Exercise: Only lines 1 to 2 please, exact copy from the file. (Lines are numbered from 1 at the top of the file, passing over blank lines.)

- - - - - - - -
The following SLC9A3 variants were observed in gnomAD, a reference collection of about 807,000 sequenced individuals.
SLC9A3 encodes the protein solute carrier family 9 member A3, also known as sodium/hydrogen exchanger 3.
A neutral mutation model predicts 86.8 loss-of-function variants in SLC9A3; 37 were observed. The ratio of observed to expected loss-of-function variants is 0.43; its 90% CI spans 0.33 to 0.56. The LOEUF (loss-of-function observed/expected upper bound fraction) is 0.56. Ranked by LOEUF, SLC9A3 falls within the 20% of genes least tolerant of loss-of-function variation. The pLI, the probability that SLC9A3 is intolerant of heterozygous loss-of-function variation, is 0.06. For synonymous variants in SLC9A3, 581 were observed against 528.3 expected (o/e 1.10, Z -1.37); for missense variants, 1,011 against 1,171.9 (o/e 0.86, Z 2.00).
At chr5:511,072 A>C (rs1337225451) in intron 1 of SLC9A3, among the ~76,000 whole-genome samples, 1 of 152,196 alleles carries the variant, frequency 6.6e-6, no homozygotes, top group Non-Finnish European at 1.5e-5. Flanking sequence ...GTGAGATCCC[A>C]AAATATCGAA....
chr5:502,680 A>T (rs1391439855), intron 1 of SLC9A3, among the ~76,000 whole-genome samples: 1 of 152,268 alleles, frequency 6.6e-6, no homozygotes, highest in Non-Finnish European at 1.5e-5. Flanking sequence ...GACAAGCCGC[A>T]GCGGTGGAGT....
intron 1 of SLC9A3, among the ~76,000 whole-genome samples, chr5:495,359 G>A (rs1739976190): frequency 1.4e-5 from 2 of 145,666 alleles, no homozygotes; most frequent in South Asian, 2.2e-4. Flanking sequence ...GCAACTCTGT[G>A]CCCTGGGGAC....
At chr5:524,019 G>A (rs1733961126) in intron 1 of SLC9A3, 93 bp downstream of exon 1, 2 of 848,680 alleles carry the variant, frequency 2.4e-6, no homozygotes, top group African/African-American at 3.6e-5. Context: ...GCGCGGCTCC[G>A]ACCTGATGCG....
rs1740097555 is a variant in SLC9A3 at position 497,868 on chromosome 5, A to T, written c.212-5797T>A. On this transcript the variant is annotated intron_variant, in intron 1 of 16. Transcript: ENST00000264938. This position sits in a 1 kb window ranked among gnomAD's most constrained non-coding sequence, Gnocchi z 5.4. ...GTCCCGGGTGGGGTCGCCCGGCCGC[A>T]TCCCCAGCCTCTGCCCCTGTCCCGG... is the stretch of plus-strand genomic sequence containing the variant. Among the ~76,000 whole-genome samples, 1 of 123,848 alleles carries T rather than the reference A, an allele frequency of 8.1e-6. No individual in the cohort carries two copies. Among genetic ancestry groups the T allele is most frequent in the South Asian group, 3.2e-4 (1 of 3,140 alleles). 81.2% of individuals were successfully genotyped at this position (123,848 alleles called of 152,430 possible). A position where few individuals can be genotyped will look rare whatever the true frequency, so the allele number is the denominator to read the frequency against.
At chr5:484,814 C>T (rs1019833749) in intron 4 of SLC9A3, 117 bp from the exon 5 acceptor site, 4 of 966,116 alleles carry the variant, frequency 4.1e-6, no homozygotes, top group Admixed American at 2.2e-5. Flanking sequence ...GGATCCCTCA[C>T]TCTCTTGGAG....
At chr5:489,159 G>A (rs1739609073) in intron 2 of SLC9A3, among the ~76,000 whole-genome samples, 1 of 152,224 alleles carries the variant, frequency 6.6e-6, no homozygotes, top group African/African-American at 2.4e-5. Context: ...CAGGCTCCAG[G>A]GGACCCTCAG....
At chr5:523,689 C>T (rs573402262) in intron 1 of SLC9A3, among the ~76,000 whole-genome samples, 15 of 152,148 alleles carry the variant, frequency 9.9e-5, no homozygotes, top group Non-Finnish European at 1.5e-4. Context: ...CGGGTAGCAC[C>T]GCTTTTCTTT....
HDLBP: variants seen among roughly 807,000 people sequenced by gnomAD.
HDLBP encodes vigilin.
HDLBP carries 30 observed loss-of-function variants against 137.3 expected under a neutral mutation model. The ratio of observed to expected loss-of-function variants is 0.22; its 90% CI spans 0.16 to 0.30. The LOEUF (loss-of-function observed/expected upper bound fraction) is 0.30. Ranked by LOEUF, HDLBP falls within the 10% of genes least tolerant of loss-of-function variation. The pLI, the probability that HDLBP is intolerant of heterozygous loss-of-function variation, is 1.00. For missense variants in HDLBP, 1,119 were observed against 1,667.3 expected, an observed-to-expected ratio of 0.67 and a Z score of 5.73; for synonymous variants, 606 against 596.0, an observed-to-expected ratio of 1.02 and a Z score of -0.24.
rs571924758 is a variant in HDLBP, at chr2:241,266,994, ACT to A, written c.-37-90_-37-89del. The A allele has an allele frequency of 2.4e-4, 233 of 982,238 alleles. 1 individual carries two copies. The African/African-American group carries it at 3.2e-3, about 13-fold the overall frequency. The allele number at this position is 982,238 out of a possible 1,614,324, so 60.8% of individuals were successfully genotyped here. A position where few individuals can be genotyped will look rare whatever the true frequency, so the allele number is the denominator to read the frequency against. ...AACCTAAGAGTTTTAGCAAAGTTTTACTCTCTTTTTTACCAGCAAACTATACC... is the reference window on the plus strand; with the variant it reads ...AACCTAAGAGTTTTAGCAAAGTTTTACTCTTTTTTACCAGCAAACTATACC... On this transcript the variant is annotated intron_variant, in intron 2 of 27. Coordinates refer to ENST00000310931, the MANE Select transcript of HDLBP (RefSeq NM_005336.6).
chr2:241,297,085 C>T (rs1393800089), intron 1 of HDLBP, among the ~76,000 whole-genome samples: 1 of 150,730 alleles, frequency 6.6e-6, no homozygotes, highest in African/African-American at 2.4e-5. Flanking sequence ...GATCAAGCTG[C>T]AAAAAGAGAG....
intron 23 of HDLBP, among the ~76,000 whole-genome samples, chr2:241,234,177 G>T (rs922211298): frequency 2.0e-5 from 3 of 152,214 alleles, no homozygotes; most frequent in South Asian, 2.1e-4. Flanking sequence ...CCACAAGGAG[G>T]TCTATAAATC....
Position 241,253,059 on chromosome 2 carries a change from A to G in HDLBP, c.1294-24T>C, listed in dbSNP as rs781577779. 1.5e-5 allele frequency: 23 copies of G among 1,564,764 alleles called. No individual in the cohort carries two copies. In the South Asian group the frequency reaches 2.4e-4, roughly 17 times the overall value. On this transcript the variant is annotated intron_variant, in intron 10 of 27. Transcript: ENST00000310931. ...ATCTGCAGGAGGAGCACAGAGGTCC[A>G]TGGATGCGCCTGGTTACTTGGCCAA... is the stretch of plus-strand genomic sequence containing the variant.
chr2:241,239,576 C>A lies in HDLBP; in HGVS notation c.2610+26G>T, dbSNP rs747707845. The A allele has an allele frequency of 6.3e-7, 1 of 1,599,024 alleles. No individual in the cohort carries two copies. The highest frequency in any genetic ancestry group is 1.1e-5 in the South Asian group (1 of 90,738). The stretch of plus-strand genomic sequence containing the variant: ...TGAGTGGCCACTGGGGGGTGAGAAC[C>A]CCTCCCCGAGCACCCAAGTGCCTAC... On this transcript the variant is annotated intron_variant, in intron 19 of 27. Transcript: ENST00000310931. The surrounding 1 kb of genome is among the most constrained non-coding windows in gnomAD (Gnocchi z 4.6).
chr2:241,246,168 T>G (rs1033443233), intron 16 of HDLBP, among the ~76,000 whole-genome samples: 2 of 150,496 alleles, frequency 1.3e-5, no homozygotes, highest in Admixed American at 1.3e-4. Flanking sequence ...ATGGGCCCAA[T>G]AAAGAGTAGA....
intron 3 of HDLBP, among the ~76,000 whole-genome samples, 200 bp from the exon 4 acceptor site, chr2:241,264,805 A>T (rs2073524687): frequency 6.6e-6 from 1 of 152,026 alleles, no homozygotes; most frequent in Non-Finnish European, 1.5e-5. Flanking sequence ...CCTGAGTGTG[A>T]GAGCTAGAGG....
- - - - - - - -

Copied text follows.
The following SLC9A3 variants were observed in gnomAD, a reference collection of about 807,000 sequenced individuals.
SLC9A3 encodes the protein solute carrier family 9 member A3, also known as sodium/hydrogen exchanger 3.